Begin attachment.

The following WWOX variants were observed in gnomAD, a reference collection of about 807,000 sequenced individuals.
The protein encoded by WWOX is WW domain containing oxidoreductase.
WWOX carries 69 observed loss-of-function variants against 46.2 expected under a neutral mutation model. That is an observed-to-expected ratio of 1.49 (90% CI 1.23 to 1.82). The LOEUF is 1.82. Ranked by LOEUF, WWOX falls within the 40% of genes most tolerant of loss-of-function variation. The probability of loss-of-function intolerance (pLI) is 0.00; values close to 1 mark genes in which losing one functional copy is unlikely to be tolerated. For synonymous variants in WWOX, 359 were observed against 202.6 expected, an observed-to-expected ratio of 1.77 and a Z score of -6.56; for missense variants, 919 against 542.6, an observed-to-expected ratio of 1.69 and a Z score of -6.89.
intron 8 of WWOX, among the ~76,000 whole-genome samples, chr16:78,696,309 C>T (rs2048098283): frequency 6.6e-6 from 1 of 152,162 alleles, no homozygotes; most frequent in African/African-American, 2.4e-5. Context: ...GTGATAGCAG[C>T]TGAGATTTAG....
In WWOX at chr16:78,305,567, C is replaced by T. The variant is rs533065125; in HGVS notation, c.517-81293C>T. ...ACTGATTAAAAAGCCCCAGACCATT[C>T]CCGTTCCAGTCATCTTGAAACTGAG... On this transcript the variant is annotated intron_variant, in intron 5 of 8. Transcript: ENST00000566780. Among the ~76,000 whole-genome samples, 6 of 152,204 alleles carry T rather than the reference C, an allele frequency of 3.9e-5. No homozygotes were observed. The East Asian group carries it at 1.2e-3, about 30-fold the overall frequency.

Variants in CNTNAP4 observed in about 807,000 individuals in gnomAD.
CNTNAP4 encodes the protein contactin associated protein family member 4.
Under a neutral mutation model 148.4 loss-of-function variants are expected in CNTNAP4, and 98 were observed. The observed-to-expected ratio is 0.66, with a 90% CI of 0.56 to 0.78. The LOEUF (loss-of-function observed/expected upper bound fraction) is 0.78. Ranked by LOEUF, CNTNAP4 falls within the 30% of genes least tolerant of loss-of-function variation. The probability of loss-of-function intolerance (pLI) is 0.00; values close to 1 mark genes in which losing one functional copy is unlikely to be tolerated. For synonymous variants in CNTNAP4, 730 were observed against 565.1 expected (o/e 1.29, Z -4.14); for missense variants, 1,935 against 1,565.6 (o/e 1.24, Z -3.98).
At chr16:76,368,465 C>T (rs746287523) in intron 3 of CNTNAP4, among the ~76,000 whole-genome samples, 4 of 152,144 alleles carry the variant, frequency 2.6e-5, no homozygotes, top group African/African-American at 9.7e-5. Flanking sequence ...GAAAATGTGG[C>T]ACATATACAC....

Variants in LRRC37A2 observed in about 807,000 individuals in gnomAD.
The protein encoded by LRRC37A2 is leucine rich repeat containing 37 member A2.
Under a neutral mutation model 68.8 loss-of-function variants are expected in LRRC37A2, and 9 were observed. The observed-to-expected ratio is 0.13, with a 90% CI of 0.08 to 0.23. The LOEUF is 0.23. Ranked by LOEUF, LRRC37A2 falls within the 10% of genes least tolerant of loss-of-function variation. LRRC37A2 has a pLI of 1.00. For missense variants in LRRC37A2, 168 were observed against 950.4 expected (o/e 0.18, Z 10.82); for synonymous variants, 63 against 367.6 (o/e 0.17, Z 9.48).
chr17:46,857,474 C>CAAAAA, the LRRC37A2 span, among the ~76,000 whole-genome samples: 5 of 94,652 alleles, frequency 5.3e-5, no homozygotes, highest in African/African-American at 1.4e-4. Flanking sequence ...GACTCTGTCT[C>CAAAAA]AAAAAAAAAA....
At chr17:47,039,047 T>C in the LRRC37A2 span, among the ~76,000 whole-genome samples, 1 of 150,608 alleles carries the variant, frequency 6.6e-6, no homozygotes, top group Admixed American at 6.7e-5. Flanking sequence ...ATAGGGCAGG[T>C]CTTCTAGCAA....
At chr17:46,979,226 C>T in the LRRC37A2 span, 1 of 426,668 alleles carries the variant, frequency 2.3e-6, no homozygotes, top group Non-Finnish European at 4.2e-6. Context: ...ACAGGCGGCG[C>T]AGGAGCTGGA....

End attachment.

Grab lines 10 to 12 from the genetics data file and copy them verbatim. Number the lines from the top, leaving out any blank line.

Variants in LRRC37A2 observed in about 807,000 individuals in gnomAD.
The protein encoded by LRRC37A2 is leucine rich repeat containing 37 member A2.
Under a neutral mutation model 68.8 loss-of-function variants are expected in LRRC37A2, and 9 were observed. The observed-to-expected ratio is 0.13, with a 90% CI of 0.08 to 0.23. The LOEUF is 0.23. Ranked by LOEUF, LRRC37A2 falls within the 10% of genes least tolerant of loss-of-function variation. LRRC37A2 has a pLI of 1.00. For missense variants in LRRC37A2, 168 were observed against 950.4 expected (o/e 0.18, Z 10.82); for synonymous variants, 63 against 367.6 (o/e 0.17, Z 9.48).